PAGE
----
Serum/Markov modelOsteomiRTM test//[71]
SerumFracture group (17), HC (16)qPCROsteomiR° testOP fracture vs. HC
0.687 (OsteomiR test)
UniSp4[72]
SerumDM (20), DMFx (20), nondiabetic OP women with fractures (20), HC (20)Low-density qPCR
array platform
miR-550a-5p (↑),
miR-188-3p (↓),
miR-382-3p (↓)
DMFX vs. DM:
10 candidate miRNAs panels (model of 4 miRNAs) have an AUC value between 0.922 and 0.965;
OP vs. HC
10 candidate miRNAs panels (model of 4 miRNAs) have an AUC value between 0.972 and 0.991
Ct values were computed using the second derivative maximum method provided with the LC480 II software.[73]
SerumT1D (15), HC (14)qPCRmiR-148a-3p (↑),
miR-21-5p (↑)
/miR-191,
ath-miR-159a
[74]
SerumDmab/Fx+ (5), Fx + (5), Dmab/Fx− (5)qPCRmiR-503 (↓),
miR-222-2 (↓)
/SNORD95A,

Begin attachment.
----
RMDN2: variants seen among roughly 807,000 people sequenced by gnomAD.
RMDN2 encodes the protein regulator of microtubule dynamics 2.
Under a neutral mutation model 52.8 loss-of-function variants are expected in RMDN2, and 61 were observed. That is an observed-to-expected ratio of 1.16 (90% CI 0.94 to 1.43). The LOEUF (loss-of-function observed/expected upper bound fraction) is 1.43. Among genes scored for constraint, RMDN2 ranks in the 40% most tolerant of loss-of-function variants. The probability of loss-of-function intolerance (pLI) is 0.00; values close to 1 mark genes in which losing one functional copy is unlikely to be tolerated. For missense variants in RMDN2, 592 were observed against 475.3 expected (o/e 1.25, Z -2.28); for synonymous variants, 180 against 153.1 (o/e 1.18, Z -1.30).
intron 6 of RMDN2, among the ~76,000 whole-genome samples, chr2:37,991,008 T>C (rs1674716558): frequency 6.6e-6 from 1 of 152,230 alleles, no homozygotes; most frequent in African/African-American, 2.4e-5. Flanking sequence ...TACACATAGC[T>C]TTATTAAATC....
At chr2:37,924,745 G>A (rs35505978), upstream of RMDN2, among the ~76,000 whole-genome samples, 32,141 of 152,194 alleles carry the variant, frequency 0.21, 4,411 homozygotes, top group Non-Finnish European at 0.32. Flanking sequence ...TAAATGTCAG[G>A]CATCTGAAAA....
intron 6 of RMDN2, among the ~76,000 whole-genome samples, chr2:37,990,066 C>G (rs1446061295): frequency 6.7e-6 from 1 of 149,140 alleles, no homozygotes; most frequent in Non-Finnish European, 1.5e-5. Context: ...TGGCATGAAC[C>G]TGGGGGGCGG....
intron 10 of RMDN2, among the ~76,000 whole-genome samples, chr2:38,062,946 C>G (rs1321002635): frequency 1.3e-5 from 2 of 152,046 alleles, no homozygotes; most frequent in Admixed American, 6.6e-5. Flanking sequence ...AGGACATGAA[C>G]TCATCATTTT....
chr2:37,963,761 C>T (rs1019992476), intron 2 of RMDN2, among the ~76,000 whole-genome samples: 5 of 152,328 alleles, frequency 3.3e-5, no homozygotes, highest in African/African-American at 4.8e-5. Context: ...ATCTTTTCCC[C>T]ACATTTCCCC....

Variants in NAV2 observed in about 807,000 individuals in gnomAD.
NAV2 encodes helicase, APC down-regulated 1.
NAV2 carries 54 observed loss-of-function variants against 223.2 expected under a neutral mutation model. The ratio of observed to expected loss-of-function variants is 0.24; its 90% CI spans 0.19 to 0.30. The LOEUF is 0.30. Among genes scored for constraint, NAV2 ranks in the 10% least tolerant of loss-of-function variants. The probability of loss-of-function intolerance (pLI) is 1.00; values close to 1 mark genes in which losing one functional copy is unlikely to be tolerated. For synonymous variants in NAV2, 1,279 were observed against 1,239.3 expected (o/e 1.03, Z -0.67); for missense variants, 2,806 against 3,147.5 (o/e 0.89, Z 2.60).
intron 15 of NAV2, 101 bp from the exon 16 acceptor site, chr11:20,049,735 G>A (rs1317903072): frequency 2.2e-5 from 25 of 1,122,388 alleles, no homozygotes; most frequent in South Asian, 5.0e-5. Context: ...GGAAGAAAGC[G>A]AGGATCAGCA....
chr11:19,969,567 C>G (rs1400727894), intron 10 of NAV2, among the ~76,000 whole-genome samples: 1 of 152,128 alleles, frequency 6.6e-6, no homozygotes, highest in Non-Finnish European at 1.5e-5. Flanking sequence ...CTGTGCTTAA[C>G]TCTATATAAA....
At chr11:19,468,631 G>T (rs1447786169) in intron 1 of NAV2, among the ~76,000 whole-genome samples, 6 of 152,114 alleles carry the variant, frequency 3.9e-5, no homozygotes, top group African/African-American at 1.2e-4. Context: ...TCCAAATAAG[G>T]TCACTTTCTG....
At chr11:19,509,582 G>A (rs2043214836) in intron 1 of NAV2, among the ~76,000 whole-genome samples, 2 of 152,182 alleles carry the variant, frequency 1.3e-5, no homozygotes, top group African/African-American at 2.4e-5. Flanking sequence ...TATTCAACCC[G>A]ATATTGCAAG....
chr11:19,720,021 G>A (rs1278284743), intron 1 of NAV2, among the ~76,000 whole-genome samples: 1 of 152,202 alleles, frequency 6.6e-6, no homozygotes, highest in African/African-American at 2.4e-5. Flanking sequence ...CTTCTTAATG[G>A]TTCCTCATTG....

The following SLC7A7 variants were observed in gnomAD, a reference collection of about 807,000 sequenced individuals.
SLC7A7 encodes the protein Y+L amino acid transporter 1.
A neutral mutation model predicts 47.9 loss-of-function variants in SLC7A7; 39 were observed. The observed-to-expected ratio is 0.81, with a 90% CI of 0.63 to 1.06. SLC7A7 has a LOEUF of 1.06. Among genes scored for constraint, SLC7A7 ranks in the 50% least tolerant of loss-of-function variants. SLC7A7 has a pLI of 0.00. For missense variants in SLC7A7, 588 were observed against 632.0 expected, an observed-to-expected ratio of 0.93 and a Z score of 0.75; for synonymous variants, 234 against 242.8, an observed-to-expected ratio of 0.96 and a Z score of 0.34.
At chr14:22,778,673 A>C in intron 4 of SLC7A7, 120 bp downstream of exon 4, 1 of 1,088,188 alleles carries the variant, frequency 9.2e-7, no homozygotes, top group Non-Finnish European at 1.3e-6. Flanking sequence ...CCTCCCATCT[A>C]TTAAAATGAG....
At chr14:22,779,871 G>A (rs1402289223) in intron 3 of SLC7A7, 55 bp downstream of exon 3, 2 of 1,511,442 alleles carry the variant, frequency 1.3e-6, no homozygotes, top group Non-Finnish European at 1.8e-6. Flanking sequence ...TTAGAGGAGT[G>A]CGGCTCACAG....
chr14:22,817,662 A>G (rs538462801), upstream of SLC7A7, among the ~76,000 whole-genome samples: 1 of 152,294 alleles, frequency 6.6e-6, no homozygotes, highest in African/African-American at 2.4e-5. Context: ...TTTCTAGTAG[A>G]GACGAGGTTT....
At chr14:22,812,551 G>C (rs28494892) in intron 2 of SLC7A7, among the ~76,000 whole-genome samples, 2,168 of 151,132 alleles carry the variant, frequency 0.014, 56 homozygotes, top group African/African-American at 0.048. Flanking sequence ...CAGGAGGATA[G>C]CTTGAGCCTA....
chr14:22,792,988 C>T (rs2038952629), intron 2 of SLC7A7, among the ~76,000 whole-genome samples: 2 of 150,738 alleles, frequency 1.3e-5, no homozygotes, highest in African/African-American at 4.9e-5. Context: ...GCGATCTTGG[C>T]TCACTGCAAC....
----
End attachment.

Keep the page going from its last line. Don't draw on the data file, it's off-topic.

SNORD96A,
RNU6-2
[75]
SerumLow bone mass
women treated with either Dmab (30) or TPDT (30)
qPCRmiR-33-3p (↓)
miR-133a-3p (↓)
/SNORD95A,
SNORD96A,
RNU6-2
[76]
* Enrolled population is shown in parentheses.
Table 2. Overview of differentially expressed miRNAs in circulating monocytes isolated from osteoporotic (OP) patients.
Table 2. Overview of differentially expressed miRNAs in circulating monocytes isolated from osteoporotic (OP) patients.
Study PopulationPlatforms for miRNAs Expression ProfilingIdentified Candidate miRNAs in Human Circulating MonocytesROC Curve Analysis Data (AUC Value)Study
High BMD (10), low BMD (10)Prescreening: miRNA array
Validation: qPCR
miR-133a (↑)/[77]
High BMD (10), low BMD (10)Prescreening: miRNA array
Validation: qPCR
miR-422a (↑)/[78]
OP (6), HC (6)Prescreening: microarray
Validation: qPCR
miR-1270 (↑)/[79]
OP (7), HC (7)Prescreening: small RNA-sequencing
Validation: qPCR
miRN-708-5p (↑)/[80]
High hip BMD (5), low hip BMD (5)Bioinformatic analysis from microarray data38 miRNAs (see text)/[81]
* Enrolled population is shown in parentheses.
Back to TopTop